During the Apollo program, astronauts spent a third of their training time using hardware simulators for training purposes. Simulators allowed crewmembers to not only rehearse and master their mission but also build resilience by understanding where things could potentially go wrong.
Flight Director Gene Kranz quickly assumed that when his guidance computer displayed 1201 code, this indicated a system overload and ordered an abort. Later he would come to understand otherwise.
The Model Board
This photo shows the Model Board from the spacecraft simulator where astronauts trained prior to Apollo 11. Astronauts would manipulate flight controls of their lunar module on this model board to simulate moving through the Sea of Tranquillity and onto the Moon’s surface, and to train for reduced gravity of lunar surface and assess how their spacesuits would perform in low gravity environments.
The model board represented a digital twin of the real Apollo Command Service Module (CSM) and Lunar Module (LM). Each piece of simulated CSM was controlled by a separate computer to represent aspects of mission operations; astronaut input would cause these computer systems to respond like real spacecraft control systems would. This digital twin system played an invaluable role in the success of Apollo missions.
One simulation involved astronauts facing an imminent threat when their CSM’s battery power had run dangerously low and all systems might shut down in mere minutes if all systems weren’t quickly and accurately simulated by simulations to provide crucial information in time to save their crew from certain demise. Simulations provided accurate simulation of this problem with data that helped protect all parties involved from impending danger.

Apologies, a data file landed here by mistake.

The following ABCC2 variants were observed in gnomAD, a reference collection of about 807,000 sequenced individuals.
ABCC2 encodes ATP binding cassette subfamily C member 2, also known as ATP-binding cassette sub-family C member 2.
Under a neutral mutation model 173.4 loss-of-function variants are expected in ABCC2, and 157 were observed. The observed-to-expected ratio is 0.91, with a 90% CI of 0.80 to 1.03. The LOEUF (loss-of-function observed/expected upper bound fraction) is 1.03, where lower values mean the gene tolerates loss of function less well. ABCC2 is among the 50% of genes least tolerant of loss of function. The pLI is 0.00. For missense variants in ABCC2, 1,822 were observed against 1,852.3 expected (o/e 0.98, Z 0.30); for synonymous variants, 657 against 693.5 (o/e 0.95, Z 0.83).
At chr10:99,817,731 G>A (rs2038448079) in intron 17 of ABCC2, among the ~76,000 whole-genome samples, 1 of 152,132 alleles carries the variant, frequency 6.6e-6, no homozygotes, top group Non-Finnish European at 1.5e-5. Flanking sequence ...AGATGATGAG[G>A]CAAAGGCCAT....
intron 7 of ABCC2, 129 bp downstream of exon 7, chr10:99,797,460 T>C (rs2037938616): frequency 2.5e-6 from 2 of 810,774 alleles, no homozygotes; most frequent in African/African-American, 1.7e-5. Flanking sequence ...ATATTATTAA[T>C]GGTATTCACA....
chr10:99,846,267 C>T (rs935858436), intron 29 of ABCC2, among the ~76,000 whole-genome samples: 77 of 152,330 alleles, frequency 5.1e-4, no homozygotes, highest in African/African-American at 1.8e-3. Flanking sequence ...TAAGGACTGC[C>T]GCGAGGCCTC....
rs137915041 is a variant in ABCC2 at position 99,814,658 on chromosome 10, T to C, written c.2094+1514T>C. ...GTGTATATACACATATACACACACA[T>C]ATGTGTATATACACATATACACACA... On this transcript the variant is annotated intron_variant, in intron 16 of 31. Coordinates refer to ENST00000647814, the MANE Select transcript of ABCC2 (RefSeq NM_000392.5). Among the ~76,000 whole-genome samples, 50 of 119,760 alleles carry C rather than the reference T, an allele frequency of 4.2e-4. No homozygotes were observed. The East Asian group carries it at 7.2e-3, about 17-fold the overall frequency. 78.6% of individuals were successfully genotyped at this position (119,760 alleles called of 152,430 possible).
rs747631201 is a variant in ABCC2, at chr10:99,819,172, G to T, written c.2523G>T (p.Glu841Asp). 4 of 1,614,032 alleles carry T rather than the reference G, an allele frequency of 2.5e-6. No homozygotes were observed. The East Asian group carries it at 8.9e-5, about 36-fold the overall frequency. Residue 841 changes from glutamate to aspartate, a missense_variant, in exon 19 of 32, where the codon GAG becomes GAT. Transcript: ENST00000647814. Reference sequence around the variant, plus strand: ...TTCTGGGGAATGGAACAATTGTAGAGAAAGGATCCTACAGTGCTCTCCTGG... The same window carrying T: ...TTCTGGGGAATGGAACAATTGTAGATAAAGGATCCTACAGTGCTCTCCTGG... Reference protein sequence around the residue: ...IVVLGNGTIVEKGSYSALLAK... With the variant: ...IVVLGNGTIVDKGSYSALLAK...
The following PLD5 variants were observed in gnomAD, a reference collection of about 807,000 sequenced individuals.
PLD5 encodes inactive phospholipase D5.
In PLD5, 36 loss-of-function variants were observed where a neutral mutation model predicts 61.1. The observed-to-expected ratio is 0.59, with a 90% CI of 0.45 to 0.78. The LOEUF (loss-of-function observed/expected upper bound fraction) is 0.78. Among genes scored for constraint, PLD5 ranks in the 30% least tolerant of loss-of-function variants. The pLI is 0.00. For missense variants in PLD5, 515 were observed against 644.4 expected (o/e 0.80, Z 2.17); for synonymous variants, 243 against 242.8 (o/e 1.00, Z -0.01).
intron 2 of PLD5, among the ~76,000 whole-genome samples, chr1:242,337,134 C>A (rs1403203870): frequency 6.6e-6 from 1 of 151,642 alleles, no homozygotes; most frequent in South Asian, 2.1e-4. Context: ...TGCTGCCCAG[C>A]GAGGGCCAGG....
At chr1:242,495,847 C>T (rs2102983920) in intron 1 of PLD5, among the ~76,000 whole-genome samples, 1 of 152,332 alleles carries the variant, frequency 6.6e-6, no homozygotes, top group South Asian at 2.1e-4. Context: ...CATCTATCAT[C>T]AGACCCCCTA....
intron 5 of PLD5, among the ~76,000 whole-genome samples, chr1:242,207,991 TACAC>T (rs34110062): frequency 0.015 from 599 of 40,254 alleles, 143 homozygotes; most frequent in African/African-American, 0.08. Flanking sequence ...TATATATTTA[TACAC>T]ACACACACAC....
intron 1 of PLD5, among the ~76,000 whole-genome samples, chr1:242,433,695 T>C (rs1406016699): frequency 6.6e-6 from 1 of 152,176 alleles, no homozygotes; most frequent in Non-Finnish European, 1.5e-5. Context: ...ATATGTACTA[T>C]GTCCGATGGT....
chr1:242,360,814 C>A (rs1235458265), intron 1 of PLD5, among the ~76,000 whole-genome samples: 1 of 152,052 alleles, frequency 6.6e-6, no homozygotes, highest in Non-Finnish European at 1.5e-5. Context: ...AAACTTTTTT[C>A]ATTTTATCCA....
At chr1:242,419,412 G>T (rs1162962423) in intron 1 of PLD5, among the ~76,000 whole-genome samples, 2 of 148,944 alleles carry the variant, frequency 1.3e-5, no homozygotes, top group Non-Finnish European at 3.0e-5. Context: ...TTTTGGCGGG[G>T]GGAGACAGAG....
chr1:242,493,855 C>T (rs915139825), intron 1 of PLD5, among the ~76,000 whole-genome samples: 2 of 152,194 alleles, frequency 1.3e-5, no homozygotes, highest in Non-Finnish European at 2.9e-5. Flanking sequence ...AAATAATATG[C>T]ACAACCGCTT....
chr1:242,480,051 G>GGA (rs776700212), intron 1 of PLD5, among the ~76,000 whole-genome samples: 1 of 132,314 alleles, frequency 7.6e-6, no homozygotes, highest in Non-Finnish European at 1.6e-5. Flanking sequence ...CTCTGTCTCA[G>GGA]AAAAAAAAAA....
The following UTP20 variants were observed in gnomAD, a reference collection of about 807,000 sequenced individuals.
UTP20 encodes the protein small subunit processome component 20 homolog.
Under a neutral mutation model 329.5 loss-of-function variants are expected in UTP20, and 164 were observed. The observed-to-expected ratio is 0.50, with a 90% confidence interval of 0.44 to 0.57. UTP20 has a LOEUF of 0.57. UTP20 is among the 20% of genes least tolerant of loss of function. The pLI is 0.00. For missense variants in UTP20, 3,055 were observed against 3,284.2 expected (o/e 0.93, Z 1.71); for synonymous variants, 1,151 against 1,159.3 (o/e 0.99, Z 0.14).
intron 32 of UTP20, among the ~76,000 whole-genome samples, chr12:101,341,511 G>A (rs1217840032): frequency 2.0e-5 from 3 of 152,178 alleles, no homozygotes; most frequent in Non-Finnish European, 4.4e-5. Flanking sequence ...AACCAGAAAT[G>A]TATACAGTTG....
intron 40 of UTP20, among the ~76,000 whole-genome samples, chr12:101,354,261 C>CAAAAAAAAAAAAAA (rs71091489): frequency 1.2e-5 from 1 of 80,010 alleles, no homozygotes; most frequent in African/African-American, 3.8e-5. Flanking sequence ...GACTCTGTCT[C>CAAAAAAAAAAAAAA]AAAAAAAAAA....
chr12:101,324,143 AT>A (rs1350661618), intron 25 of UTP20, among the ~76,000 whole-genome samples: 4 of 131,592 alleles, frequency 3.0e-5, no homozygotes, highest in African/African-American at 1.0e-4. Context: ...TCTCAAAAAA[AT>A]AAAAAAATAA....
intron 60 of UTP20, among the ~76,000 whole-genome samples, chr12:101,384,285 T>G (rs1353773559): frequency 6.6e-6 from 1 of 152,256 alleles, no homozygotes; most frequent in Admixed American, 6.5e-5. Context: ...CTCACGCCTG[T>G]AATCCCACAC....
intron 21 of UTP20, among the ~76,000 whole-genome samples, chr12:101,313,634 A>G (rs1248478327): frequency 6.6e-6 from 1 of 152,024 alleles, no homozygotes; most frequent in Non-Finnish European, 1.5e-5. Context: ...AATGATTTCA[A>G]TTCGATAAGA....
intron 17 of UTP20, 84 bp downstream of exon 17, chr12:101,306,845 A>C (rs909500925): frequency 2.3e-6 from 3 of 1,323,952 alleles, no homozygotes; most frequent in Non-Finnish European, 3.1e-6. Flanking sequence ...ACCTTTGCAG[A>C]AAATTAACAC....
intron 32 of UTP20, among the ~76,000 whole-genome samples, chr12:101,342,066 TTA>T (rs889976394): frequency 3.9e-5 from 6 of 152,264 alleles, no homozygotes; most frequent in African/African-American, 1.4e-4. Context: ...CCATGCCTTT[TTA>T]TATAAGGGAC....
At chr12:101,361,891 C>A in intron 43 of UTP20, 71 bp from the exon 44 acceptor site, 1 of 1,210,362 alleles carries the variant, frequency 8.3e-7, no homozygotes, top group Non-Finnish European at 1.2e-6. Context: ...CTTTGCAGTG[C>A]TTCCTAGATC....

One of the more difficult problems simulated by these early models was jettisoning of lifeboat LM and crippled service module while plunging through Earth’s atmosphere at precisely the right moment, in order to avoid burn-up or skimming out into a reentry trajectory that would crash-land. This maneuver was repeated many times using Apollo simulators – and successfully accomplished nine days into actual Moon landing!
NASSP is currently developing Project Apollo for Orbiter’s open-source app that will let users relive this momentous history in 3D. This add-on provides an accurate simulation of actual spacecraft as well as accurate 3-D models of Saturn V rocket and CSM/LM modules.
Start off by tapping View Missions, which will bring up a list of major Apollo mission milestones chronologically ordered. By tapping an event you can then move through its 3D simulations.
The Lunar Module
NASA app title suggests, the lunar module is at the heart of this historic journey. As its title indicates, this structure was home to astronauts living quarters and most life support during a 10-day stay on space missions – including fuel cells for energy supply and radiators to keep cool temperatures under control. Subsequent Apollo missions featured spacecraft fitted with SIM bays which enabled additional experiments to be conducted during their stay in space.